"Big Four" Highlights


Bring Dating Back

Two millennials look at modern love and relationships

Responding to the lack of romantic clarity on campus and among young adults, the Love & Fidelity Network has launched a “Bring Dating Back” campaign in time for Valentine’s Day. The campaign features posters that offer tips on how to think about dating, how to ask for a date, and how to act on a date.

Fathers for Good asked two recent college grads to explain their generation’s view on these issues and how effective the dating campaign may be.

Luciana Milano

Luciana Milano, 23, graduated last year from Harvard University with a degree in Government and is now enrolled in Dedman School of Law at Southern Methodist University in Dallas, Texas.

Robert Smith, also 23, holds a degree in Government from Dartmouth College and works in Washington, D.C., as a legislative correspondent for U.S. Rep. Mike Kelly of Pennsylvania.

Both are currently dating, but not one another. Here are their responses to separate e-mail interviews.

Fathers for Good: With Valentine’s Day coming, describe the ritual of people your age. Are guys still supposed to get gals cards, flowers, chocolates and gifts? What about “gender equality” on campus?

Luciana Milano: Among my friends in relationships, roses, chocolates, dinner, cards are all to be expected on Valentine’s Day. Although typically guys are expected to get the girls gifts, it is not uncommon for girls to get or make something for their significant other as well. Even during my time at Harvard, where gender equality is always discussed, I never met a girl who refused roses, chocolates, etc.

Robert Smith

Robert Smith: Yes, men are still expected to do something special for a significant other on Valentine’s Day. This could include anything from giving a thoughtful card to paying for dinner or flowers. Women will occasionally give gifts to men too. This is common, but not required. Of course, the “ritual” or “rules” of a relationship are largely determined by the couple itself.

FFG: Is there a lack of clarity in dating and relationships in general?

Milano: Among young adults, “date” is an uncomfortable four-letter word. It is very common for guys to ask girls to “hang out” instead of going on a date. But dating and hanging out are not the same thing. Hanging out may take on the appearance of a date, but the essence is different. What determines whether getting coffee, going for a walk, meeting up for drinks, or watching a movie is a date or constitutes hanging out? Do the time and place matter? Or who pays? I have heard so many girls say something like “it felt like a date.” I think if you are not sure, it probably was not a date. What makes a date unique is that the intentions are clear. Dating aims for something. Dating ultimately aims for a commitment. If we can bring dating back in style, commitment will make a comeback, too.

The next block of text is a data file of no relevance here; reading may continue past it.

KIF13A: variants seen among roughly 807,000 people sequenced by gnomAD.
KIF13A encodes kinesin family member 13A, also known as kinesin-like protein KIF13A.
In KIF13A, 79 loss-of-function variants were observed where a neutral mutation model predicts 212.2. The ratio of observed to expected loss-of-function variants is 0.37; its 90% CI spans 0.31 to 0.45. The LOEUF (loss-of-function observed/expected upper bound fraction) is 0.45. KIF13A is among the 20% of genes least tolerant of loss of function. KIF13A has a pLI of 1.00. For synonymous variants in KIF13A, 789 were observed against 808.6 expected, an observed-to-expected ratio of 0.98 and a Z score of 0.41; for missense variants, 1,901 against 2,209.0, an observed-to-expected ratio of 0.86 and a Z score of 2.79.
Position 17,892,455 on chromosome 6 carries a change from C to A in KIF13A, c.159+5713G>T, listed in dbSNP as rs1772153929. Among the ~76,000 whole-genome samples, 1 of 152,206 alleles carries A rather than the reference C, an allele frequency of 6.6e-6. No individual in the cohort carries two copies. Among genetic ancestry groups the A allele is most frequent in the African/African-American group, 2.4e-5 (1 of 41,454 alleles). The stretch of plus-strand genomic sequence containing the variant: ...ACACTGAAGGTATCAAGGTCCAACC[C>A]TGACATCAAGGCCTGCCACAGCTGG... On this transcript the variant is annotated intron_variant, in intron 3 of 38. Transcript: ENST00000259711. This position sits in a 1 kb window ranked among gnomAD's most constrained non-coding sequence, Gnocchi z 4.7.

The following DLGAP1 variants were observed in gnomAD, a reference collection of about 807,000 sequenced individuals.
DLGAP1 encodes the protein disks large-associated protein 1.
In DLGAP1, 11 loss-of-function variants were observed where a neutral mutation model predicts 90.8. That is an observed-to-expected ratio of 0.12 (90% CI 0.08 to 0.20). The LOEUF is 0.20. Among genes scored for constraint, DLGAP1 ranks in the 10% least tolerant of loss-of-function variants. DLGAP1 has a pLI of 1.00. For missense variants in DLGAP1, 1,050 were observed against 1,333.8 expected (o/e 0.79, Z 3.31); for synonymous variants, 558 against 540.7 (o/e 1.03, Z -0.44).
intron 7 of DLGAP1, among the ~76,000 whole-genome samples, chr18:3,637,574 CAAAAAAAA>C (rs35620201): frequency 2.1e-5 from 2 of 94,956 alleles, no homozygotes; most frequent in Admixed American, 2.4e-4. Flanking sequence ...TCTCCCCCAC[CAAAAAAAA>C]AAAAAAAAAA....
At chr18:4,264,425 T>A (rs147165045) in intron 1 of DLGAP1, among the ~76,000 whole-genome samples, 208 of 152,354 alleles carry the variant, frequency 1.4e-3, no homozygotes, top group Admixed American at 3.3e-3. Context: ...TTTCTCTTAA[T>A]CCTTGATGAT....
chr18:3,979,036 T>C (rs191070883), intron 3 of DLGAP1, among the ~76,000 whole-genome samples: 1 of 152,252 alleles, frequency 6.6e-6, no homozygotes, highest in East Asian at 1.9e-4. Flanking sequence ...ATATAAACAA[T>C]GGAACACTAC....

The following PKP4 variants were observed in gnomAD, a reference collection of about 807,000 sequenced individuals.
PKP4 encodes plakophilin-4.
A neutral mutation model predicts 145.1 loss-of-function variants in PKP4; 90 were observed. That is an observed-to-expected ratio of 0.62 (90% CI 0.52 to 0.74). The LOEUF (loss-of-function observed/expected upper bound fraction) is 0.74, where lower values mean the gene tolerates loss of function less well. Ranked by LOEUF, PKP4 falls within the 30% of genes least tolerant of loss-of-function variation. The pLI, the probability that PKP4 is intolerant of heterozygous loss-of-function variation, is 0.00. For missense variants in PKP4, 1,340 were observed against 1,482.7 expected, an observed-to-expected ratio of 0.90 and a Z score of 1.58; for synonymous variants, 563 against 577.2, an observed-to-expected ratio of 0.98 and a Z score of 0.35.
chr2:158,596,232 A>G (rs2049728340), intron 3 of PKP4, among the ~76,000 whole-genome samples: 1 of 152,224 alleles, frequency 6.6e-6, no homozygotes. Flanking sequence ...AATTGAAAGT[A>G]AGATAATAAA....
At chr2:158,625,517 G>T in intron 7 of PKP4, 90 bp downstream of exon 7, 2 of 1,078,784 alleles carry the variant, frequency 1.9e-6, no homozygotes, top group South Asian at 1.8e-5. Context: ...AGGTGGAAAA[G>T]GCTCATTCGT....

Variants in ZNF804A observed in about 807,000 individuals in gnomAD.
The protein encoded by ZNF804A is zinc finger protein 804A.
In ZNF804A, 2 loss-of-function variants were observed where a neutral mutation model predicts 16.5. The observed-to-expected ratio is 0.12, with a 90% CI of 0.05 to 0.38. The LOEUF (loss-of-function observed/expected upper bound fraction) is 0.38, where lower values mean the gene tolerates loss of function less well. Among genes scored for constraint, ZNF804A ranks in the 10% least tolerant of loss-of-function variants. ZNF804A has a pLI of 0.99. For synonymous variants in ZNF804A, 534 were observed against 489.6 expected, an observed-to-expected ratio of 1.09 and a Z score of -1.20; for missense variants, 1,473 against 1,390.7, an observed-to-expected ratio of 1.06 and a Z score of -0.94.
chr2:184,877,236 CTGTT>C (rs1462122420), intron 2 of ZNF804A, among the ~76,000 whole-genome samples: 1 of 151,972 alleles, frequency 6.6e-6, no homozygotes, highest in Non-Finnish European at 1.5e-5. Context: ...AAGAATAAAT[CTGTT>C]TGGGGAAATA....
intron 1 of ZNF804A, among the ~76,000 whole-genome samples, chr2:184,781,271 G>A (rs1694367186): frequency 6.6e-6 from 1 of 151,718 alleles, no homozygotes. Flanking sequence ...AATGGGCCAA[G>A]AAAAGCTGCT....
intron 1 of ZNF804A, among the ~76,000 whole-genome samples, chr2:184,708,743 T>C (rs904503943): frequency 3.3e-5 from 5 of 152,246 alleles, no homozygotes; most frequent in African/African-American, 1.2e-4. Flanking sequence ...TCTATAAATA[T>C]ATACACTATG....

Smith: The dating scene varies based on geographic location and stage of life. There seems to be a greater acceptance of dating outside the setting of a college campus. That being said, “hanging out” is definitely the norm. Guys can leave college with very little dating experience and may find it difficult to adjust to social environments that require more deliberation and intentionality. Guys do occasionally ask for dates, but that can seem like a huge step. More often, two people within a group start spending more and more time together. This then leads to an awkward conversation in which the couple has to “define the relationship,” because neither one knows if they are dating or not. 

 FFG: Every parent wants to know what “hooking up” is all about.

Milano: A “relationship” that revolves around sexual activity is also known as “hooking up.” Although hook-ups are intended to be purely physical, in reality they adversely affect the whole person – mind, body, and soul.

Smith: Hooking up is a nebulous term used to describe sexual activity outside the context of a committed, long-term relationship. The term is deliberately ambiguous. This allows the parties involved to exaggerate an encounter or to preserve plausible deniability.

FFG: What do you think of the Love & Fidelity Network campaign to “Bring Dating Back”? Does it resonate with people your age? 

Milano: The LFN’s “Bring Dating Back” campaign is really exciting and encouraging. I think young adults would like to date more, but dating is foreign to many of our experiences. We live in the time of Facebook, Instagram, and Tinder. We live in a world where we can virtually “hangout” with someone. The LFN campaign gives young adults a nice nudge. Date shouldn’t be a four-letter word. Dating should not be feared. Dating can be casual, too. The campaign not only helps my generation understand what dating is, but it also gives some great tips on how to start.

Smith: Despite what you may hear about the prevalence of the hook-up culture, many young men and women long for clearly defined expectations that make it easier to navigate the dating scene. Most people I know, including guys, want to be in a committed relationship; they just don't know how to get there. Some have become frustrated by the lack of seriousness among others their own age. Love & Fidelity’s “Bring Dating Back” campaign helps young people by showing them a way forward. It presents a very real and hopeful alternative to what we’ve been seeing. It also reduces some of the “scariness” of asking someone out by showing how simple it really is.

For information on “Bring Dating Back,” visit the Love & Fidelity website.